The tyranny of beeping

A lot of people are finding they are more sensitive to noise after fifteen months of various lockdowns during the Covid-19 pandemic, but my irritation with beeping goes back further.

My phone has been on silent permanently for the past three years. My friend Kevin gave me the idea back in 2018. As a poet, playwright and screenwriter, it seemed to me that Kevin was always ‘on’, as I had been when I was a freelancer, so I didn’t know how he managed to have his phone on silent and still have a successful career.

When I was working in a particularly demanding sports environment, my phone could start going at 8am (“The pitch is frozen, so we have to call off the game”) and I could still be taking calls at 10pm (“We don’t have a referee for the under-18s game tomorrow. Can you find one?”).

That demanding environment was created by the CEO, who would call me when I was on holiday, demanding information when I was standing on a pier on the Isle of Skye, and when I was on a rooftop in Barcelona. Those two incidents bothered me in particular, as it was at the end of a very difficult few months where I had worked the hardest I’ve ever worked, and put in more hours than was healthy (and probably legal), and I needed a proper break.

Why did I answer? Because I was scared of what would happen if I didn’t. I had been shouted at, humiliated in front of others, blamed for things that had nothing to do with me, and ultimately threatened with losing my job. So I felt I had to answer, whether I was in the Hebrides or Catalunya or not.

I was burnt-out after that job, and I stopped freelancing when I went into a fulltime job in 2018, with regular office hours and clear work-life boundaries. My work phone was left in my work bag when I went home at the end of the day, and I put my own phone on silent. I had asked Kev, when he told me about his non-ringing phone, why he wasn’t scared he’d miss a call. If he was expecting an important call, he would leave his phone on vibrate and he could hear that, and if not, and he missed a call, he would just phone someone back. And that’s what I’ve done for the past three years, and it has been one of the best decisions I have made.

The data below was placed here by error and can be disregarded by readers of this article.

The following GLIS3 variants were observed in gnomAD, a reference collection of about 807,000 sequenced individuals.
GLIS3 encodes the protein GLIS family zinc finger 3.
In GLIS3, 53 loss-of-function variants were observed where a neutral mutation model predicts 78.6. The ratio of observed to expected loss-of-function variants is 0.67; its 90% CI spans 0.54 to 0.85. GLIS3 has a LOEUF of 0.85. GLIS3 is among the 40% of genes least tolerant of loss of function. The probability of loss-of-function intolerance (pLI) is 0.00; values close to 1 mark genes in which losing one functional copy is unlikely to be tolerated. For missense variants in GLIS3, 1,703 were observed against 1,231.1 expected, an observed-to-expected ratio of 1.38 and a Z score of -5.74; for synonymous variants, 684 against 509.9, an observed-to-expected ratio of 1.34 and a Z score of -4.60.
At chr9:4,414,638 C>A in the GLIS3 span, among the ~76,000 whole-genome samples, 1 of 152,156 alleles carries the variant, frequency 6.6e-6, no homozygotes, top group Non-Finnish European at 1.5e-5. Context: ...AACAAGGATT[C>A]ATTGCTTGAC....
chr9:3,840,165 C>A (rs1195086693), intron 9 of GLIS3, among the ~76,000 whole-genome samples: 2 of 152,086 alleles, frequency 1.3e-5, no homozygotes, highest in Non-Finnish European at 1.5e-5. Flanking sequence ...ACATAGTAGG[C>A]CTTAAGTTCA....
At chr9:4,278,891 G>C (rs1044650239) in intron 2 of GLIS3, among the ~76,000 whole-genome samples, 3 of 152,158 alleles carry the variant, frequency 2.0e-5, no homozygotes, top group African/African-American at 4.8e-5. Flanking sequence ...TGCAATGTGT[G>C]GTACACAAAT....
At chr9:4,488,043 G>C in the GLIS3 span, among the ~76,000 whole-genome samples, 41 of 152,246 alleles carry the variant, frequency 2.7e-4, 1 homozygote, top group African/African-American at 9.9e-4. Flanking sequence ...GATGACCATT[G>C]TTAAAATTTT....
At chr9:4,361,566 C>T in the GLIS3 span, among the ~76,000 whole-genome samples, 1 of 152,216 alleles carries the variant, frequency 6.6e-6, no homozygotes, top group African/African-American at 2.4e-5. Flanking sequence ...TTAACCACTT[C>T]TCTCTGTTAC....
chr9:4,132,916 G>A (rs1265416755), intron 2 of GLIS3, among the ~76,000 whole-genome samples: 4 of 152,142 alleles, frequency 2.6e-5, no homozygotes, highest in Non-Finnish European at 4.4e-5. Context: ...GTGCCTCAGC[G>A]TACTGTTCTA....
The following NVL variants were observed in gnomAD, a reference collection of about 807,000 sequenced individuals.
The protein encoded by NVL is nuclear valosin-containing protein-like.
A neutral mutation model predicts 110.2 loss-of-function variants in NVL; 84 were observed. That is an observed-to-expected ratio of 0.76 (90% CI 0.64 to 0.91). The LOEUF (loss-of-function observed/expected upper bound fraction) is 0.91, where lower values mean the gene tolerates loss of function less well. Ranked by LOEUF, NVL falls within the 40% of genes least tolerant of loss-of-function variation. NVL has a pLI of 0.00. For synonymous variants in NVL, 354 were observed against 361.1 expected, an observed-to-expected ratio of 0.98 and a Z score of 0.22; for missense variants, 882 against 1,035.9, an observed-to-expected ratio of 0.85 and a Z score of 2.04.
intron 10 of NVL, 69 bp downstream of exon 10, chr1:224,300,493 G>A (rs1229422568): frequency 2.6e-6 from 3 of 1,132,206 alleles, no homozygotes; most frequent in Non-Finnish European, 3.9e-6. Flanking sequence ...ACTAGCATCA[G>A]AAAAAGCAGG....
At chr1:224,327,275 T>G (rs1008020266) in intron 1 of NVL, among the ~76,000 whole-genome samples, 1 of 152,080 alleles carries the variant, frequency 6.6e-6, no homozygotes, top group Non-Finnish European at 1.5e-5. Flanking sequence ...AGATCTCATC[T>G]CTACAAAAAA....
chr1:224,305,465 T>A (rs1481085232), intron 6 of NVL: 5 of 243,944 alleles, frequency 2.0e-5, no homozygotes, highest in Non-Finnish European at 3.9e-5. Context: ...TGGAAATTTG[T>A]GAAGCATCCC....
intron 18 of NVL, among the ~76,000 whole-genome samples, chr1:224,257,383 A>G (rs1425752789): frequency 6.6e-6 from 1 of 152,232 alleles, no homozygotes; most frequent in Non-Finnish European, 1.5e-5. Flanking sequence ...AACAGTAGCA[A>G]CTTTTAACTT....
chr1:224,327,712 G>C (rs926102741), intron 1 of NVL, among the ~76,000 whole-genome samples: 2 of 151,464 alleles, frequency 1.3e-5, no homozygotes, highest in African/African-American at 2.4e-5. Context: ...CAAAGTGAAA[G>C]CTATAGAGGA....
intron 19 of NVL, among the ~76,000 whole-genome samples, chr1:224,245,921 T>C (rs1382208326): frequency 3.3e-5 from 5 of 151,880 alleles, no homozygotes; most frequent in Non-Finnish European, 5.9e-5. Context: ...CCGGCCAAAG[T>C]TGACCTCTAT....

I now no longer feel I am at the beck and (literal) call of all and sundry. I get to decide when I take calls, and if I don’t want to take a work call after 5pm, then I don’t. There is a clear stopping point – a boundary – of work.

Beeping, ringing, pinging – they all signal someone wanting something from us, and that we’re always ‘on’. Working from home during the pandemic has meant the boundary between work and home has blurred, if not been erased entirely for some.

With face-to-face communication at an absolute minimum, that beeping has almost taken over our lives. Putting your phone on silent (or switching it off completely, as I did for four days over the Easter weekend) isn’t possible for everyone, but reducing the hours you are ‘on’, that you can be ‘got at’, can really help rebuild those boundaries that have been eroded by working from home.

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